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Editorial: Britain’s ageing nuclear submarines are dangerous

REVELATIONS that the Ministry of Defence has failed to dispose of any of the 20 nuclear submarines it has decommissioned in nearly 40 years underlines the unique risks associated with nuclear weapons.

What passes for debate in Parliament on our nuclear arsenal is deeply frustrating.

Ministers airily dismiss concerns about the staggering cost of Trident renewal (over £200 billion), ignore advice from top brass that these “useless” weapons swallow up money that would be better spent on conventional equivalents, sidestep questions about whether the ability to incinerate whole cities at the push of a button is a relevant deterrent to modern threats from terrorism to climate change. 

Even Tony Blair has said the utility of a nuclear arsenal was “non-existent in terms of military use,” admitting in his memoirs that he only supported renewal when PM because he felt foreigners would see it as “too big a downgrading of our status as a nation” if we voluntarily abandoned it.

Yet his successors portray any attempt to discuss these questions rationally as evidence of being soft on Britain’s security.

They could not be more wrong, as the National Audit Office’s investigation into how we dispose of decommissioned submarines attests.

We have not disposed of a single one since 1980. The MoD has not been in a position to remove radioactive fuel from retired submarines since 2004, when the Office for Nuclear Regulation ordered it to stop as its facilities for doing so — at the Devonport naval base in Plymouth — were not safe enough.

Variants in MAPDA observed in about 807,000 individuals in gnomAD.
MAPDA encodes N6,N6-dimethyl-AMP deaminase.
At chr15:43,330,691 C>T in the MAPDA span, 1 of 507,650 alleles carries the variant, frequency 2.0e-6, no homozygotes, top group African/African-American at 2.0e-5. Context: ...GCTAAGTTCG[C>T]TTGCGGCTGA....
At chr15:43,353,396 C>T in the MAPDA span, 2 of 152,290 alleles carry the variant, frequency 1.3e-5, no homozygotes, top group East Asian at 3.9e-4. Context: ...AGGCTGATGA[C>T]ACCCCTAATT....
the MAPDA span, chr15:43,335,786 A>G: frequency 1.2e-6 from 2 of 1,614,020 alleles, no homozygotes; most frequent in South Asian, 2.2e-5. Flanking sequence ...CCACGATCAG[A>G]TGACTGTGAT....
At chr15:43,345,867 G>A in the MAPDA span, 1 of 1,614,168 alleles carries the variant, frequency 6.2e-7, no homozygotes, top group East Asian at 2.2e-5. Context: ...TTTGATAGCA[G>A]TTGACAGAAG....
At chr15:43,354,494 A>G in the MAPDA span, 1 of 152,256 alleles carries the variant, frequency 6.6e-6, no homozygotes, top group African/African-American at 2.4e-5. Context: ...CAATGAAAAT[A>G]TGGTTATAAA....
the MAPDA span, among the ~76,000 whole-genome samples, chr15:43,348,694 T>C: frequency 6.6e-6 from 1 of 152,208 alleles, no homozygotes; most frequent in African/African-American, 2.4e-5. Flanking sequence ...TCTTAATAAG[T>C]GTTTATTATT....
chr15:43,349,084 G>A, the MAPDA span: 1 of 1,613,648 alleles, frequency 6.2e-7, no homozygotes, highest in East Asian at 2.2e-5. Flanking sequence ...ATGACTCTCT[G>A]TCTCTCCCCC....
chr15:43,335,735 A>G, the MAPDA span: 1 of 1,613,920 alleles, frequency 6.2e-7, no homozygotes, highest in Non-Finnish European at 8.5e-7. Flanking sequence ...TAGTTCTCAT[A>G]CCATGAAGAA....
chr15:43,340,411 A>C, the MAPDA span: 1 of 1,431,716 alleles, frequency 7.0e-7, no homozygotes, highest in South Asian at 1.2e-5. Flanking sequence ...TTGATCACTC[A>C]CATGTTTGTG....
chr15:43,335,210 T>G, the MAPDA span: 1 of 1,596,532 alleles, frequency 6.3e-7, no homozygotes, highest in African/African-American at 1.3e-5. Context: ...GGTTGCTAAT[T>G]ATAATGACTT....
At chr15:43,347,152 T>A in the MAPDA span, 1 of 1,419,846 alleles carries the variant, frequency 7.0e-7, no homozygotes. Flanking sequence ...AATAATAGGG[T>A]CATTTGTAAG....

An original plan to have a new disposal process operational by 2011 has now been postponed to 2026; the MoD stores twice as many mothballed nuclear subs as it operates and some have been cooling off in retirement for longer than they ever roamed the seas.

This is not simply a matter of bad organisation or rising costs.

Dr Philip Webber of Scientists for Global Responsibility (SGR) warned in 2017 that of the 12 retired submarines docked at Devonport, eight still contained fuelled nuclear reactors.

These “have to be continually cooled using external power and water to avoid overheating, which could lead to a fire, meltdown or a release of radioactive particles and gases.”

The risks involved in defuelling nuclear reactors are considerable – that’s why the MoD has felt unable to do so safely for 15 years — and older reactors (as we would expect to find on vessels that haven’t been operational for up to 40 years) tend to pose a greater risk of igniting, exploding or releasing radiation if anything goes wrong in the process than newer ones. 

In an excellent article published in the SGR newsletter of winter 2017, Dr Webber points out that the MoD is actually aware of how dangerous keeping decommissioned subs knocking around is: following freedom of information requests, minutes of a Defence Board Meeting of 2011 were released.

The MoD’s senior nuclear safety regulator Commodore Andrew McFarlane notes that “all pressurised water reactors are potentially vulnerable to … structural failure,” which could lead to “release of highly radioactive fission products outside the reactor core.”

This would be a public safety hazard “out to 1.5 kilometres” (almost a mile) from the submarine.

Dr Webber estimates that 32,000 residents of Plymouth would fall within that range.

Safely defuelling and disposing of these radioactive hulks should be a priority for any government that takes public safety seriously.

The enormous difficulties of doing so are a warning of exactly what risks we take on by blithely opting to renew our nuclear weapons programme.

It’s tragic that for most of our politicians “national security” rests on our ability to harm the peoples of other nations, rather than keep people on these shores safe.


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